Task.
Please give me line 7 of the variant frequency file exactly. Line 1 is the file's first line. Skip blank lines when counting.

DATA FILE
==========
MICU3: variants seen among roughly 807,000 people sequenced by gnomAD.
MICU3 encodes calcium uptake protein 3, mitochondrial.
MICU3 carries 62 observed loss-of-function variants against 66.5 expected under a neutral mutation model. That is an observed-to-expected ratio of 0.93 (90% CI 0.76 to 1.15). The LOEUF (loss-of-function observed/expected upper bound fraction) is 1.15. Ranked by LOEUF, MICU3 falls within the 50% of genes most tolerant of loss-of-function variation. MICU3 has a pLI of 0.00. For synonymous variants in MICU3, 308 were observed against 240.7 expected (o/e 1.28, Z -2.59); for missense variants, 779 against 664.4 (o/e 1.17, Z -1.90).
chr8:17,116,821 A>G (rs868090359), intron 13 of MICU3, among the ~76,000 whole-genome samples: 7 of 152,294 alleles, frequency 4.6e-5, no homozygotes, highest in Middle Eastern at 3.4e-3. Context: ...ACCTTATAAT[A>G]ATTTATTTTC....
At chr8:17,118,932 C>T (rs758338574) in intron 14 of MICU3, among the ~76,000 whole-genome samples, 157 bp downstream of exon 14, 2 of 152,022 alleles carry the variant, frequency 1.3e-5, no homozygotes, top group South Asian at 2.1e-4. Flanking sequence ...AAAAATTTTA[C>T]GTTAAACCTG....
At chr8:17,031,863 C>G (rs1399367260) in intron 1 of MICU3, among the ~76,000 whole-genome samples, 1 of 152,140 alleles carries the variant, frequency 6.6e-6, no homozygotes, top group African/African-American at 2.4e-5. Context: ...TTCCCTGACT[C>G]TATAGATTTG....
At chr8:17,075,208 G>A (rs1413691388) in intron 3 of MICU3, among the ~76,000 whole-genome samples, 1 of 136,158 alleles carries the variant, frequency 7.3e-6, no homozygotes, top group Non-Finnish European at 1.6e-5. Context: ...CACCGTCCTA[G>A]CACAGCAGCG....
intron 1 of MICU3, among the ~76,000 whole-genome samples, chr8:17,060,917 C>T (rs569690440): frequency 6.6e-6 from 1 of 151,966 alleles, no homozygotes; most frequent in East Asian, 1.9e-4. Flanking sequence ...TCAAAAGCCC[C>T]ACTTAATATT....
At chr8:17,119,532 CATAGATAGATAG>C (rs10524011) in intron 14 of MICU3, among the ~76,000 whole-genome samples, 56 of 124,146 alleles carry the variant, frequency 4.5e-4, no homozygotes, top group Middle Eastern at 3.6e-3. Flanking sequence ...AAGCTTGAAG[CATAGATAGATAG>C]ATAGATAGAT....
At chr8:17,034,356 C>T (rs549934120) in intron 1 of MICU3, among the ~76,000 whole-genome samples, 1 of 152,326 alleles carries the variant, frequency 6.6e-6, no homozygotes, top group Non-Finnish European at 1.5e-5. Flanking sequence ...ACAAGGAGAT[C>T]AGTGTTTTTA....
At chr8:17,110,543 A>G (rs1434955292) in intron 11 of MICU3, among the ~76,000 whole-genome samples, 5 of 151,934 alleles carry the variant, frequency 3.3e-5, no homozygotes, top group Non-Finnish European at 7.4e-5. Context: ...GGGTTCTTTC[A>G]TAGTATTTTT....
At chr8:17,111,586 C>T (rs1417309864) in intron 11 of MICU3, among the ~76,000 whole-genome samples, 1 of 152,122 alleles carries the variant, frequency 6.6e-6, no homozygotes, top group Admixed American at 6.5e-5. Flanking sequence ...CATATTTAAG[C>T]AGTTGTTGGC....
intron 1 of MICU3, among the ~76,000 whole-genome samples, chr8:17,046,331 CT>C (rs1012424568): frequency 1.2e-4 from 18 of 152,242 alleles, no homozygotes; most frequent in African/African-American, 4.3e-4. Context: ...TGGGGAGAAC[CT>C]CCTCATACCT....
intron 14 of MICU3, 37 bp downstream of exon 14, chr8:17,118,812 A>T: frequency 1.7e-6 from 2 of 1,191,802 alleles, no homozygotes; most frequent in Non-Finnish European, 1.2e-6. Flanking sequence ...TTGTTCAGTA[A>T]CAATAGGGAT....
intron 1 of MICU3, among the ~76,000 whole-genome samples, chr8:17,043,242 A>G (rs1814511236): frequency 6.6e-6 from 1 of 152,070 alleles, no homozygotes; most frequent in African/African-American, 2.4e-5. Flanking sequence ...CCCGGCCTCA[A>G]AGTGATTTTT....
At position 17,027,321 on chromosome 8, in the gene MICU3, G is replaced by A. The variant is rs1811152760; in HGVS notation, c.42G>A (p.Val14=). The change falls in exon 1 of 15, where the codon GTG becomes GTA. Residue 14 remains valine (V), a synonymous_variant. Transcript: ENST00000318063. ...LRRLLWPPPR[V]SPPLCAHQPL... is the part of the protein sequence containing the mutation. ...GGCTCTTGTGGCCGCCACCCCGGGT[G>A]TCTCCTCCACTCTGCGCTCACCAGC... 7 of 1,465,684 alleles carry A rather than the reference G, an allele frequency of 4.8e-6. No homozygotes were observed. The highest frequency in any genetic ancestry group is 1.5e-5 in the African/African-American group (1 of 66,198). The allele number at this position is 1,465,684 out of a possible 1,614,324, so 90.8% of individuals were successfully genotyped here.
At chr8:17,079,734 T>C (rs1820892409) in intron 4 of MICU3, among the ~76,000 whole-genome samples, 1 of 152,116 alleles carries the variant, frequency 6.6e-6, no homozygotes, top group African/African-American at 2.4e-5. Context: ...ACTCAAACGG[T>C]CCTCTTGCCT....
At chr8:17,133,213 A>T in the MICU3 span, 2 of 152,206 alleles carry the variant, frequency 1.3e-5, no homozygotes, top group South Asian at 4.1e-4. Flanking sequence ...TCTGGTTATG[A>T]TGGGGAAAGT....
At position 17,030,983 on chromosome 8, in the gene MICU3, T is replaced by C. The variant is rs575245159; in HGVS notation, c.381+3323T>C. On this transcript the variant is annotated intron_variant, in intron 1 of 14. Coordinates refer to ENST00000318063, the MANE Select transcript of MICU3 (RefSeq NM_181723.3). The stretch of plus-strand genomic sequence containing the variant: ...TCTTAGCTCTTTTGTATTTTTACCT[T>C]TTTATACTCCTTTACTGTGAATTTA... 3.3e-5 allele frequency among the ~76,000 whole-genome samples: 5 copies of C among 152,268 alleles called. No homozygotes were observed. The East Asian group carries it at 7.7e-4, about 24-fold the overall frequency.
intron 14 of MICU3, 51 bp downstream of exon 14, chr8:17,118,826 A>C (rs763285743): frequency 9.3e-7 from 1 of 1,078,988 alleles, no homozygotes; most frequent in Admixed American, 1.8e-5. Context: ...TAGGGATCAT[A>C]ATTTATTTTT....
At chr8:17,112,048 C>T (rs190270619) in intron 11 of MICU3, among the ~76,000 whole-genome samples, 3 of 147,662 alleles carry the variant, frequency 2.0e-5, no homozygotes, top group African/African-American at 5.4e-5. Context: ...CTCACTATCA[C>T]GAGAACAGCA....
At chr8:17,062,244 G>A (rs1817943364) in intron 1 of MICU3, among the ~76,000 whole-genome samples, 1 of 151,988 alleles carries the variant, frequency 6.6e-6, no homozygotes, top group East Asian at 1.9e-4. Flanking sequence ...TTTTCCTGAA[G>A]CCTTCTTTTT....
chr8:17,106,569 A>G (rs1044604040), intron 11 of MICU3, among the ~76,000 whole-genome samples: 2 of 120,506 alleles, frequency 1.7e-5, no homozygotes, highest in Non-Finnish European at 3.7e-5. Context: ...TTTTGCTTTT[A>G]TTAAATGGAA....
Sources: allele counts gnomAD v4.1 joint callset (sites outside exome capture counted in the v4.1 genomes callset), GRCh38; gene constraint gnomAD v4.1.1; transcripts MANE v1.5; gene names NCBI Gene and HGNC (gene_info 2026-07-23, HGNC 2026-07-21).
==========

At chr8:17,075,208 G>A (rs1413691388) in intron 3 of MICU3, among the ~76,000 whole-genome samples, 1 of 136,158 alleles carries the variant, frequency 7.3e-6, no homozygotes, top group Non-Finnish European at 1.6e-5. Context: ...CACCGTCCTA[G>A]CACAGCAGCG....